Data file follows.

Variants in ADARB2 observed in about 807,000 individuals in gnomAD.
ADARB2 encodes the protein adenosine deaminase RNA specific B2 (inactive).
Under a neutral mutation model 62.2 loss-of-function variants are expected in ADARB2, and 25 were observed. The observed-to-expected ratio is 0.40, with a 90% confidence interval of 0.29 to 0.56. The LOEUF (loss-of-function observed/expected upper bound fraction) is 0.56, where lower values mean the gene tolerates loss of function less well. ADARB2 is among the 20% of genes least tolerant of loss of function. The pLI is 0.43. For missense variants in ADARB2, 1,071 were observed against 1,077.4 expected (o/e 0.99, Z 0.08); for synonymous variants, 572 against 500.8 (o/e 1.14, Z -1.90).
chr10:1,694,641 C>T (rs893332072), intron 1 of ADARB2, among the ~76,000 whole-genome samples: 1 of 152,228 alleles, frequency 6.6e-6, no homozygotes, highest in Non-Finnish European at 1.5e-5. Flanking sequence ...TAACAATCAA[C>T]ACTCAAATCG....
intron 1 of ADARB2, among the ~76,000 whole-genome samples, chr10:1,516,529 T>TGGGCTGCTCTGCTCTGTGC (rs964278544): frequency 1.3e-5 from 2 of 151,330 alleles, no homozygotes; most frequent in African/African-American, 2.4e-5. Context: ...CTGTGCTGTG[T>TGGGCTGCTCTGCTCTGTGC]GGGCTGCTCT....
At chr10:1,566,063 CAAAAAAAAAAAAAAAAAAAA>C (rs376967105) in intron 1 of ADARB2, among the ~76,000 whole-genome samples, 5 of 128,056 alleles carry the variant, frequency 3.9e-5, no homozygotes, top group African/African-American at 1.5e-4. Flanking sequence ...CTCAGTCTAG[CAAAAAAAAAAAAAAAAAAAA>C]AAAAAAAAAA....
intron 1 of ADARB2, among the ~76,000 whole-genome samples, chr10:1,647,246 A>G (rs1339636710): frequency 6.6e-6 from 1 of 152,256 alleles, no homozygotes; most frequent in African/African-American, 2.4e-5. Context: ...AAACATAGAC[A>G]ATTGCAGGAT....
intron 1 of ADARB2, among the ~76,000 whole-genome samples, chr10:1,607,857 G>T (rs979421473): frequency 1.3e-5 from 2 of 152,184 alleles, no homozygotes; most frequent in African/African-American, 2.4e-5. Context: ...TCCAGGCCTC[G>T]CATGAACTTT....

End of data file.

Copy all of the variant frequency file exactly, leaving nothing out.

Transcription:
Variants in ADARB2 observed in about 807,000 individuals in gnomAD.
ADARB2 encodes the protein adenosine deaminase RNA specific B2 (inactive).
Under a neutral mutation model 62.2 loss-of-function variants are expected in ADARB2, and 25 were observed. The observed-to-expected ratio is 0.40, with a 90% confidence interval of 0.29 to 0.56. The LOEUF (loss-of-function observed/expected upper bound fraction) is 0.56, where lower values mean the gene tolerates loss of function less well. ADARB2 is among the 20% of genes least tolerant of loss of function. The pLI is 0.43. For missense variants in ADARB2, 1,071 were observed against 1,077.4 expected (o/e 0.99, Z 0.08); for synonymous variants, 572 against 500.8 (o/e 1.14, Z -1.90).
chr10:1,694,641 C>T (rs893332072), intron 1 of ADARB2, among the ~76,000 whole-genome samples: 1 of 152,228 alleles, frequency 6.6e-6, no homozygotes, highest in Non-Finnish European at 1.5e-5. Flanking sequence ...TAACAATCAA[C>T]ACTCAAATCG....
intron 1 of ADARB2, among the ~76,000 whole-genome samples, chr10:1,516,529 T>TGGGCTGCTCTGCTCTGTGC (rs964278544): frequency 1.3e-5 from 2 of 151,330 alleles, no homozygotes; most frequent in African/African-American, 2.4e-5. Context: ...CTGTGCTGTG[T>TGGGCTGCTCTGCTCTGTGC]GGGCTGCTCT....
At chr10:1,566,063 CAAAAAAAAAAAAAAAAAAAA>C (rs376967105) in intron 1 of ADARB2, among the ~76,000 whole-genome samples, 5 of 128,056 alleles carry the variant, frequency 3.9e-5, no homozygotes, top group African/African-American at 1.5e-4. Flanking sequence ...CTCAGTCTAG[CAAAAAAAAAAAAAAAAAAAA>C]AAAAAAAAAA....
intron 1 of ADARB2, among the ~76,000 whole-genome samples, chr10:1,647,246 A>G (rs1339636710): frequency 6.6e-6 from 1 of 152,256 alleles, no homozygotes; most frequent in African/African-American, 2.4e-5. Context: ...AAACATAGAC[A>G]ATTGCAGGAT....
intron 1 of ADARB2, among the ~76,000 whole-genome samples, chr10:1,607,857 G>T (rs979421473): frequency 1.3e-5 from 2 of 152,184 alleles, no homozygotes; most frequent in African/African-American, 2.4e-5. Context: ...TCCAGGCCTC[G>T]CATGAACTTT....